Tiny Earth Network Builds Student Researchers in Antibiotics
Sept. 11, 2018
BLOOMINGTON, Ill. — Illinois Wesleyan University is joining with Tiny Earth Network to prepare student researchers to address the modern-day public health crisis of
Assistant Professor of Biology Loralyn Cozy took part in a week-long training program
over the summer at the University of Connecticut to become a partner instructor in
the Tiny Earth Network. With the help of high school, college and university instructors
in 14 countries worldwide, the program works to address the diminishing supply of
effective antibiotics by fostering a new generation of researchers.
Instructors integrate the curriculum and the research protocols from Tiny Earth Network
into their introductory laboratory courses, which exposes students to the importance
of combating bacteria that have evolved to become resistant to current antibiotic
“Tiny Earth’s newest batch of partner instructors are an inspiring cohort of researchers
and educators already bringing fresh ideas to Tiny Earth’s core mission of engaging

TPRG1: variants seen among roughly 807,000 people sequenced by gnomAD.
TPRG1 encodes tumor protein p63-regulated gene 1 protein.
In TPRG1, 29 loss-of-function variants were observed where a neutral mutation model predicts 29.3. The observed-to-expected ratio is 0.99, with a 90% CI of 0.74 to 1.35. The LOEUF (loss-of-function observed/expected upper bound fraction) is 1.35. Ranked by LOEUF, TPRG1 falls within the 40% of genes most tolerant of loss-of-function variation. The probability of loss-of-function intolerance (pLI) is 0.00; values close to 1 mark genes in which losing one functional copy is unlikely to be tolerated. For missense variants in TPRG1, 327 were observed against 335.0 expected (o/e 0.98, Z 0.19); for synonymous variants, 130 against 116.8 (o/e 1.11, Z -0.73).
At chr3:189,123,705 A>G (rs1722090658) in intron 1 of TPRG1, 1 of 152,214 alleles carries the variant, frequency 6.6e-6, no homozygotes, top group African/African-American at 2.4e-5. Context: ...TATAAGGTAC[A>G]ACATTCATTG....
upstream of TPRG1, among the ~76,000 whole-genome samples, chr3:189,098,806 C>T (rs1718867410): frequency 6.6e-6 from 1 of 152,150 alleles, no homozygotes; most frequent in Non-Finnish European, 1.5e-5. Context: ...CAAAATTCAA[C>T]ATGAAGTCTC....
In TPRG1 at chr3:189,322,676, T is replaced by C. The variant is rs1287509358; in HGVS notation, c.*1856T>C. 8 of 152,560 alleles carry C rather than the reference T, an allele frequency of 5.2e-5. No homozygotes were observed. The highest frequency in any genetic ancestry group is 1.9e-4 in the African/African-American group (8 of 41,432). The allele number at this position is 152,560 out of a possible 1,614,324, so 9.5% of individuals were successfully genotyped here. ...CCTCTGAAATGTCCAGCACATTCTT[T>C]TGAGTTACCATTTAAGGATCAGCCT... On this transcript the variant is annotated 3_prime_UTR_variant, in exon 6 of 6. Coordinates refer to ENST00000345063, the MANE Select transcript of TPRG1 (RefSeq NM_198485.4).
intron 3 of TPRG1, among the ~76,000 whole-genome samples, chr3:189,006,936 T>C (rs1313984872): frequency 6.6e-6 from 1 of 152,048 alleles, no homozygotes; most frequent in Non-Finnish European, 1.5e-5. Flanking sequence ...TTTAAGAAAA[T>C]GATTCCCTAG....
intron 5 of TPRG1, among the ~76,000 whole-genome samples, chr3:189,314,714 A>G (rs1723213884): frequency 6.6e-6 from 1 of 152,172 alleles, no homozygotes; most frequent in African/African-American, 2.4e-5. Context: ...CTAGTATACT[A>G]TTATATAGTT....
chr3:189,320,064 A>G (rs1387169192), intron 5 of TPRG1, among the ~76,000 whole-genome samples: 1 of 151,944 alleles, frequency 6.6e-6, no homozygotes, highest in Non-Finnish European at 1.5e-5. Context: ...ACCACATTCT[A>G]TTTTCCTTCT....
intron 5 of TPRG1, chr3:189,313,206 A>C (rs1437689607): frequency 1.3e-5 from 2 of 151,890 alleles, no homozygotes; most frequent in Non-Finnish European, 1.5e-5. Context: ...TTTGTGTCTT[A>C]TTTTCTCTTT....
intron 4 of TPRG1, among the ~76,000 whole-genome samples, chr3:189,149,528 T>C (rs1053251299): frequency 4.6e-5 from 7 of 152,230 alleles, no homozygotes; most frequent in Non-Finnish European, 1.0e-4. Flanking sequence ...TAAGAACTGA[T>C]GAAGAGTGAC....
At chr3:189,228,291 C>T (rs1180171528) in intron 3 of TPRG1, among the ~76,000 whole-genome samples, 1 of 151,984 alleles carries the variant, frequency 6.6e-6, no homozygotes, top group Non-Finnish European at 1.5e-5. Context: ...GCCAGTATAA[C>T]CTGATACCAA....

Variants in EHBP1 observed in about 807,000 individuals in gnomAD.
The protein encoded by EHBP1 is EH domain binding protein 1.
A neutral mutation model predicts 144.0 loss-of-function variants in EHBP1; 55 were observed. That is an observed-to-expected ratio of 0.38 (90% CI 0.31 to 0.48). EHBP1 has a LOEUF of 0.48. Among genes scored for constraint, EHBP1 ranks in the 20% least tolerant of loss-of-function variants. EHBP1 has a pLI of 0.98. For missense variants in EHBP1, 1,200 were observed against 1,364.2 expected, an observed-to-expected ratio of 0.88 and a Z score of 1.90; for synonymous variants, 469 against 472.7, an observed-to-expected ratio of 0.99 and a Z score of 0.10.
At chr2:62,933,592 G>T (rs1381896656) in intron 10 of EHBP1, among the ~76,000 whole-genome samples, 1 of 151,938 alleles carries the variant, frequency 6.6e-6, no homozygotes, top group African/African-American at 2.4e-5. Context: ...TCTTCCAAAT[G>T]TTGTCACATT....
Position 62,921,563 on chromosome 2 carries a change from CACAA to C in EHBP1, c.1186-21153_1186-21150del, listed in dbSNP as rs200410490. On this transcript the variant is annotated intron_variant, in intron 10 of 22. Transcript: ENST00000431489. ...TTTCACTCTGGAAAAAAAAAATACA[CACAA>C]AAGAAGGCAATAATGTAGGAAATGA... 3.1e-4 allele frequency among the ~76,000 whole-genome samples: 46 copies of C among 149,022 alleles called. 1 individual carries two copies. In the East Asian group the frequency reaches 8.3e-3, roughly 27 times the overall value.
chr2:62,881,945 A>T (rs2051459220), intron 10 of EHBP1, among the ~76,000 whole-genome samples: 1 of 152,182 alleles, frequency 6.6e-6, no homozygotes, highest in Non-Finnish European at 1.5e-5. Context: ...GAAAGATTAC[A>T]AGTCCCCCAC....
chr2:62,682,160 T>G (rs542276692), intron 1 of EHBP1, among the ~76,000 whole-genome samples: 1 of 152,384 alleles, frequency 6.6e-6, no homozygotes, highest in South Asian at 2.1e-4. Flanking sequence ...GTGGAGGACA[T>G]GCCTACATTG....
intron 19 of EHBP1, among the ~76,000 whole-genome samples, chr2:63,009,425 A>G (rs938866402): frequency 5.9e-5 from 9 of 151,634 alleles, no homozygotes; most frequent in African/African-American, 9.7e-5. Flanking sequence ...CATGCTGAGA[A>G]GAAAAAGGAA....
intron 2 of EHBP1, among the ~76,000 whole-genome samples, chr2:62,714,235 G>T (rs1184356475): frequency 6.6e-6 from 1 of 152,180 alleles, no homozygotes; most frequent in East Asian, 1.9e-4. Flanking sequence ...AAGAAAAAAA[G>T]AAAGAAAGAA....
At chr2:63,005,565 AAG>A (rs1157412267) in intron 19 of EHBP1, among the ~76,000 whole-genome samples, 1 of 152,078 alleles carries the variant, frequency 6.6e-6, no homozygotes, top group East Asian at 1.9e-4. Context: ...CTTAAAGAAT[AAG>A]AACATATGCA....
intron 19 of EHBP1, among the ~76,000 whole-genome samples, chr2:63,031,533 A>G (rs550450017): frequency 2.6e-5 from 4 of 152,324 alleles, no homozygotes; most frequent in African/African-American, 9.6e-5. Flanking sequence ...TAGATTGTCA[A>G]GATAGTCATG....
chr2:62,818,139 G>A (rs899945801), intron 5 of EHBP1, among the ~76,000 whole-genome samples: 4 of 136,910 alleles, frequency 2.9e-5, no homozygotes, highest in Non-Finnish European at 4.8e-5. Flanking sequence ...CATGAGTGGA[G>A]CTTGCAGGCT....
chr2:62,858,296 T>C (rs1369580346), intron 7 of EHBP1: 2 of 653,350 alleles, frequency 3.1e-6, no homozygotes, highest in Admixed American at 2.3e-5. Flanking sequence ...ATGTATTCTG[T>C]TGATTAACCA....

undergraduate and high school students in real discovery,” said Tiny Earth Science
and Training Director Nichole Broderick.
By having students from across the globe work in tandem to uncover new antibiotic-producing
microbes, Tiny Earth’s approach of “studentsourcing antibiotic discovery” will hopefully
lead to innovations in how modern medicine can eradicate illnesses caused by harmful
bacteria. Simultaneously, students benefit from valuable research experience, with
the knowledge that their work has the potential to make a difference in healthcare.
Starting this fall, the Tiny Earth Network curriculum will be implemented as the laboratory
portion of Biology 314 (Microbiology). Illinois Wesleyan is the first Illinois school
outside the Chicagoland area to take part in this initiative.
“I'm really excited to bring the Tiny Earth Network to IWU,” said Cozy. “By engaging
our students in authentic research that connects to the larger world, and a problem
as big as antibiotic discovery, I hope we can inspire a new generation of young scientists.”